Friday, September 11, 2009

Joe Wilson, Robert Bork and political discourse

So NOW political discourse has become crass. The outrage on the left over the “you lie” comment is so over the top that is has become a caricature. I have expect to see journalists fanning their peers who have fainted from shock. Oh, oh the horror of it all! Politics has always been so polite and genteel until Joe Wilson and those un-American fascists mobs who expressed their opinions to their elected public servants!

Guess what, political discourse has always been crass. Read old political speeches and cartoons and see how courteous they are. Congressman have attacked one another verbally, with canes and in one famous (at least outside of public schools where it probably isn’t even mentioned) incident where a former Vice-President of the United States killed the 1st Treasury Secretary in a duel. So please, save the phony outrage. I found Representative Wilson’s outburst unseemly. On the other hand, a two second outburst during a political stump speech to push socialized medicine pales in comparison to some of the other events that have taken place in the Capitol Building.

Let us take a trip down memory lane to one of the darkest moments in American political history.

Less than an hour after President Reagan nominated Robert Bork to the Supreme Court, an indisputably qualified man and under the exercise of the right and duty of the President to nominate Court justices, Senator Edward Kennedy rushed to the Senate floor to deliver these now famous remarks:

"Robert Bork's America is a land in which women would be forced into back-alley abortions, blacks would sit at segregated lunch counters, rogue police could break down citizens' doors in midnight raids, schoolchildren could not be taught about evolution, writers and artists could be censored at the whim of the Government, and the doors of the Federal courts would be shut on the fingers of millions of citizens for whom the judiciary is -- and is often the only -- protector of the individual rights that are the heart of our democracy... President Reagan is still our president. But he should not be able to reach out from the muck of Irangate, reach into the muck of Watergate and impose his reactionary vision of the Constitution on the Supreme Court and the next generation of Americans. No justice would be better than this injustice."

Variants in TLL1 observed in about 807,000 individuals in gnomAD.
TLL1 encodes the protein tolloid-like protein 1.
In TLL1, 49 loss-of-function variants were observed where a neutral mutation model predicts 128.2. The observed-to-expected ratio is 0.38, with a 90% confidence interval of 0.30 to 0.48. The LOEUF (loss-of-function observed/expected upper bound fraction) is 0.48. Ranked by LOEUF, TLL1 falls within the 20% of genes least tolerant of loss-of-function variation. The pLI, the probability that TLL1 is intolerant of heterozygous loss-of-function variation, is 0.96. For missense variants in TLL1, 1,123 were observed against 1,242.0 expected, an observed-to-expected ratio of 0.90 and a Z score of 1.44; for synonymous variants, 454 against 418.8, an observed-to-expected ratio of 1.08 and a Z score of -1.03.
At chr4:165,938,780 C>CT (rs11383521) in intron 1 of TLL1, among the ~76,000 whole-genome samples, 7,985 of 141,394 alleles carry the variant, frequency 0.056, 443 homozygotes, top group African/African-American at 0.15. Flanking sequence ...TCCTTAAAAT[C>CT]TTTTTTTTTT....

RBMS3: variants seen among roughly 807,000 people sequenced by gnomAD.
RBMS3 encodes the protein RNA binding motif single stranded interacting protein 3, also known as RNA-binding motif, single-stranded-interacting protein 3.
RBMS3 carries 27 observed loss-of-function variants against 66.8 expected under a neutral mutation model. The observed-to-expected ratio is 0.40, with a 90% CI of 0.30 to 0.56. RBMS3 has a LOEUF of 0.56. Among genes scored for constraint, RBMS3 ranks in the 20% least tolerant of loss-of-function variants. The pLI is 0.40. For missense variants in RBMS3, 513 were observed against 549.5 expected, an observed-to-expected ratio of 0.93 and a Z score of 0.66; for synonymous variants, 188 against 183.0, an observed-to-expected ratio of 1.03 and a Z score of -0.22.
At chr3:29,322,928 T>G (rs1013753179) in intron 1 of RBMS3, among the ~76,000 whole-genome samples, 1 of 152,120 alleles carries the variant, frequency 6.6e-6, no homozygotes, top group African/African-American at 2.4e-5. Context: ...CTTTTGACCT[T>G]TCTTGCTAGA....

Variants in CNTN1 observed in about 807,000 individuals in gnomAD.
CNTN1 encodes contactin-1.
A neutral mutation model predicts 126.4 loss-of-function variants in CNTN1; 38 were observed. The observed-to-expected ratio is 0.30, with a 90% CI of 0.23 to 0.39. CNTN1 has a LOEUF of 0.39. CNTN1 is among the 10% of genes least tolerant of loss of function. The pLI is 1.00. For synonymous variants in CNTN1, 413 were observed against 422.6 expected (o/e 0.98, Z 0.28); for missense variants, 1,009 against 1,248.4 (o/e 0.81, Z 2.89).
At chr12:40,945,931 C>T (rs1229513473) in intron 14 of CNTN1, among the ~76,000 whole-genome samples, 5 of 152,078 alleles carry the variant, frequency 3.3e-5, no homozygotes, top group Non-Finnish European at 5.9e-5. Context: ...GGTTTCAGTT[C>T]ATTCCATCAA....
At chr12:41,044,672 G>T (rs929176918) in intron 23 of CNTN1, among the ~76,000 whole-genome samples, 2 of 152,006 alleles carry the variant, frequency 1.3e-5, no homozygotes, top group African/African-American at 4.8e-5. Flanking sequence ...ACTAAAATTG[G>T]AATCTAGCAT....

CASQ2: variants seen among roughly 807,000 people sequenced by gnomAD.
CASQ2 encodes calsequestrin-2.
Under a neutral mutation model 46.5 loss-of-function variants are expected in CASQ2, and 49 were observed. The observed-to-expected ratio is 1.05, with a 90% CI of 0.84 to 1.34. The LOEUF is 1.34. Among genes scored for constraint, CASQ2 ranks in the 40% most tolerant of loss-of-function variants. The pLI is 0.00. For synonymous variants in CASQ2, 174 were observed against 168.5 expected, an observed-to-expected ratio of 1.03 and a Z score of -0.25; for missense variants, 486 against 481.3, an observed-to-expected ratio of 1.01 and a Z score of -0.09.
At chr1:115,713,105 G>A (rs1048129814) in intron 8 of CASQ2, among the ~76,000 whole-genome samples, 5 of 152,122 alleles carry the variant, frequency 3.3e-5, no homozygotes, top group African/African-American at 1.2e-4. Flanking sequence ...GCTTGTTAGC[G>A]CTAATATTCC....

The language Senator Kennedy used was coarse and the opinions he presented as fact as demonstrably false. There was not a lick of truth in anything he said. In other words, he lied on the floor of the Senate. That speech galvanized the left and their media cronies and in short order Robert Bork was denied a seat on the highest court in the land. A man who is undoubtedly one of the most brilliant legal minds of our times was destroyed by a crass and illegitimate attack by a man who has no business casting aspersions at anyone else. The results of that speech go far beyond Robert Bork and have led to a dumbing down of political discourse to the point that no one is permitted to have and express a position for fear of being “Borked”.

Representative Wilson was probably right that President Obama was lying, but he was wrong to shout out during the address. In a wired world, there are plenty of ways to spread the truth about what President Obama was trying to sell. Having said that, it is a far more egregious show of poor taste and far more damaging to the governing process for liberals to get outraged over a two second outburst just weeks after canonizing Ted Kennedy as a master statesman.
Post a Comment